• File Integrity Monitoring – The Snare Linux agent can also perform sha512 checksum operations on system configuration files, such as DNS configuration files, in order to watch for changes. This will track all new files, changes to files or deletion of files and directories being monitored. These events dont show who did the change but will track the actual changes and permission changes to files. The FIM monitoring can be run on a configurable schedule (eg: once per hour or once per day) depending on the level of granularity wanted.
  • Once the logs have been generated then its up to the SIEM and reporting systems to provide reports or alerts relating to the changes. Snare offers two complimentary method for this:
    • Snare Central – this can provide objective reports looking for the specific event IDs and produce a report in tabular format as well as graph and pie charts of the activity. These can be emailed out on any schedule needed to include the PDF report, CSV and text output as needed.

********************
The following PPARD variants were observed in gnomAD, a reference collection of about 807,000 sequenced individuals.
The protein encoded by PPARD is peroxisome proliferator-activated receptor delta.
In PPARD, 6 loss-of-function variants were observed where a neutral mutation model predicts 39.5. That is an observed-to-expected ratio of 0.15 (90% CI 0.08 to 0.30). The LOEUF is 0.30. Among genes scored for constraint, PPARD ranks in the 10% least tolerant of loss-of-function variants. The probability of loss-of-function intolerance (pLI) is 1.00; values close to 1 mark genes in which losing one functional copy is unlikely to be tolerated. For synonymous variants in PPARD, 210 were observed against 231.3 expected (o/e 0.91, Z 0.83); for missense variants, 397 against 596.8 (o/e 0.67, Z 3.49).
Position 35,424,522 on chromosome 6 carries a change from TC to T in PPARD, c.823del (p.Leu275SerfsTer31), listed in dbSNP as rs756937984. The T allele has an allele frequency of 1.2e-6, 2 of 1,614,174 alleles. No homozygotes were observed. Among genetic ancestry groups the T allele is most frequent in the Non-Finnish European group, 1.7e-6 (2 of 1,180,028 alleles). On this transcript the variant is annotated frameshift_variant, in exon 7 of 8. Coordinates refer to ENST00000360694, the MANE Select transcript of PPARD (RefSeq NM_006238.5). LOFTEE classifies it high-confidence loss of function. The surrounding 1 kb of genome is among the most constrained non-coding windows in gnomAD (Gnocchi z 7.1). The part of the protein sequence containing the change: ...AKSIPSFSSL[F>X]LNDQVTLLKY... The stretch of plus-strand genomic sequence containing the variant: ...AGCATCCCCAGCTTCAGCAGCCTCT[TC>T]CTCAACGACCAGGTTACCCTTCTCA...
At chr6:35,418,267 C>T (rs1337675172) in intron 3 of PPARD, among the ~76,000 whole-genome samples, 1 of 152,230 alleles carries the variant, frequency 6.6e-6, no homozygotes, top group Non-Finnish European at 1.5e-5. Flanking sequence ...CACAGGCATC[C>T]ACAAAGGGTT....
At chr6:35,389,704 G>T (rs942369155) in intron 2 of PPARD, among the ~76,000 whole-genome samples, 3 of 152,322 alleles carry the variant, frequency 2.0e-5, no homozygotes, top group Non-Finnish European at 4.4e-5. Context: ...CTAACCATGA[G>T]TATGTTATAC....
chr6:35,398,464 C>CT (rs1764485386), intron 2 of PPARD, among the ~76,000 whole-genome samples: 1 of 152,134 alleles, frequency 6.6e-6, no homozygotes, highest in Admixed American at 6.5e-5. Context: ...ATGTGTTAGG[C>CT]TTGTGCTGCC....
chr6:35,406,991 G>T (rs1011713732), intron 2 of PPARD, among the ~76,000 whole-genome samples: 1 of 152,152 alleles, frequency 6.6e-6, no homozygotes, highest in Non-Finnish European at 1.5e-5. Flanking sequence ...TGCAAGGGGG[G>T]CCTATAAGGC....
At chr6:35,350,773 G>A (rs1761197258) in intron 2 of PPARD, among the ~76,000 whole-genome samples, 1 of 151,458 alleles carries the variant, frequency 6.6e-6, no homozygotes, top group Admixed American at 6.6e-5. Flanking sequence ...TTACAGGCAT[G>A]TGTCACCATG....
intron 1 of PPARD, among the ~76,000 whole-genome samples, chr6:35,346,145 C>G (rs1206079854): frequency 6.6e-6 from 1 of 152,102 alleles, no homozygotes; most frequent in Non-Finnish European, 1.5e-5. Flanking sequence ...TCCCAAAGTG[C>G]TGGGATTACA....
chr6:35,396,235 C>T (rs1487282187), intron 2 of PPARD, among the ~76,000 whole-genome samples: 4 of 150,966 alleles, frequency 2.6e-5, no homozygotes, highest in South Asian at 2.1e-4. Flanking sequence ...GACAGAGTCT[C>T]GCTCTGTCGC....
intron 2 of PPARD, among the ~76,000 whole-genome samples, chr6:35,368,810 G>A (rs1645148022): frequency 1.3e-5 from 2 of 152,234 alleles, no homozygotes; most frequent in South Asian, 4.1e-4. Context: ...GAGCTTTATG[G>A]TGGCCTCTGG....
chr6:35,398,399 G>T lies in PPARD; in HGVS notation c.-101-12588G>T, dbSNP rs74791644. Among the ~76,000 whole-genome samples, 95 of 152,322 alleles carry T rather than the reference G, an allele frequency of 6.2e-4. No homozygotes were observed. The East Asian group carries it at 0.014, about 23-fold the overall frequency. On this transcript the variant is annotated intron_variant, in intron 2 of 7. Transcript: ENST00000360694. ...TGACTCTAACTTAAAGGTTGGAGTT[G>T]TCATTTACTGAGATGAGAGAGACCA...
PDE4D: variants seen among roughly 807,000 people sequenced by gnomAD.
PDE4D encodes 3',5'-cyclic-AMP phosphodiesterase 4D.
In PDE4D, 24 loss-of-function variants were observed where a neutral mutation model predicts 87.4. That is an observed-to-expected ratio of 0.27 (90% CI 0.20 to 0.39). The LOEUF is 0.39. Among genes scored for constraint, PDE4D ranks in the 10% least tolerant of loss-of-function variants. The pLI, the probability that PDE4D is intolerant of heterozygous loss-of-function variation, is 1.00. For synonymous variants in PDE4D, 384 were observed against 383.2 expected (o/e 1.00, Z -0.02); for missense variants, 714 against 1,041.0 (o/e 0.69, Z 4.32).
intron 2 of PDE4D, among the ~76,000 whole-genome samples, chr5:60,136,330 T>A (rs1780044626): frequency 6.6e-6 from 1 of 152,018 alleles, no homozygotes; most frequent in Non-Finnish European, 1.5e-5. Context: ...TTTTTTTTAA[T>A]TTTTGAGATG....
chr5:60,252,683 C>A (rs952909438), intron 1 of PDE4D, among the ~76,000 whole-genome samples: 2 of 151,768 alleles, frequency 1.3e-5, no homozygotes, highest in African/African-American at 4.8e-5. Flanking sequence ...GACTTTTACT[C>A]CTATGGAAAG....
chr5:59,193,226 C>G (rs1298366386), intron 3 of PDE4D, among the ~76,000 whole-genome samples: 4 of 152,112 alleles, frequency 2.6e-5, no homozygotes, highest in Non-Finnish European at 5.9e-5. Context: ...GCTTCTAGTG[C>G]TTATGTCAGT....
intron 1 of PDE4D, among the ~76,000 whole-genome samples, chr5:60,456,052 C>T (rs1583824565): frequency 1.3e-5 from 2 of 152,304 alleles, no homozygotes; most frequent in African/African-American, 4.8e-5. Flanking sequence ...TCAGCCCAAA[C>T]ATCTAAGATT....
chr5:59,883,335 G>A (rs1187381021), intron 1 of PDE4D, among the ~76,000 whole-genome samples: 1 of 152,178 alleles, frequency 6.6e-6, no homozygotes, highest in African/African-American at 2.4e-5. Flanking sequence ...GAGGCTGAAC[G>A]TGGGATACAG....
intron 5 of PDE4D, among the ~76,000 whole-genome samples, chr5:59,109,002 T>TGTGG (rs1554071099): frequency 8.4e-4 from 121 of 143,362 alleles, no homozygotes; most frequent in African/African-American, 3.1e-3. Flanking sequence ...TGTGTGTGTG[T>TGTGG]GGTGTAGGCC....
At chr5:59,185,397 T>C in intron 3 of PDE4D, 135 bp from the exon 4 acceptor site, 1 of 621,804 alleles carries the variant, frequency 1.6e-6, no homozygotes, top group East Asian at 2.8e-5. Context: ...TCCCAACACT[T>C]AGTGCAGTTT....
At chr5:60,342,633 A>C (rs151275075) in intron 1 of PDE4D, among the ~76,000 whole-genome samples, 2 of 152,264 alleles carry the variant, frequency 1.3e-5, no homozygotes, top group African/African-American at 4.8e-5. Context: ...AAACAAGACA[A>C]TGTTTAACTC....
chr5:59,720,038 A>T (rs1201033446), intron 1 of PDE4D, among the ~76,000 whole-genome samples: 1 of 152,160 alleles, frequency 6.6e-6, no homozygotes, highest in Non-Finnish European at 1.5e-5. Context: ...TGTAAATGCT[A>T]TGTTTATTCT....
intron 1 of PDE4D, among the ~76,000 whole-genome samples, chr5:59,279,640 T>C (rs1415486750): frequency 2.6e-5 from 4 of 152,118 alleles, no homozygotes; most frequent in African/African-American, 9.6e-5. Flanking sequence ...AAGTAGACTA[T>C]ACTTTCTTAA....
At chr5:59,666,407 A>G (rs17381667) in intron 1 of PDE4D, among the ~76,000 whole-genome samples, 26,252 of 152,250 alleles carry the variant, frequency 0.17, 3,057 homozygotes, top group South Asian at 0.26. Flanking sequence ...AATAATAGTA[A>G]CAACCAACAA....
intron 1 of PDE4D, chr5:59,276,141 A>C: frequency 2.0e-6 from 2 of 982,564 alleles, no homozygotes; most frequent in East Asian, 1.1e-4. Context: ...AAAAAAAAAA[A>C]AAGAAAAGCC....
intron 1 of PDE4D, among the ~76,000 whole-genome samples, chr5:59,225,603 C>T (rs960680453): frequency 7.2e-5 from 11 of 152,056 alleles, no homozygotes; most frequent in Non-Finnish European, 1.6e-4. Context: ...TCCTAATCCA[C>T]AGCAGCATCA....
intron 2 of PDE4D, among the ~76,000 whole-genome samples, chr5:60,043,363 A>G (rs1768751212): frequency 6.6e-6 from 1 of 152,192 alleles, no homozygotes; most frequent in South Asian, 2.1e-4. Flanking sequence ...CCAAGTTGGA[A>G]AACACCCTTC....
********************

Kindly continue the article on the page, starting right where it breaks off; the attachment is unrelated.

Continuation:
• Snare Advanced Analytics – For this we can provide a a view of changes that occur in the system and update the dashboard in near real time as the logs are being collected.
  • As part of normal operations all changes should be validated as part of approved activity as per your normal operating procedures and anything that is not approved would be escalated as a incident for investigation.

If your organisation needs help in this area and you would like more information, please contact our friendly sales team at for a chat on how we can help your business achieve a more effective and efficient CISA DNS monitoring solution.

Steve Challans

Chief Information Security Officer


How good data management applies to log collection.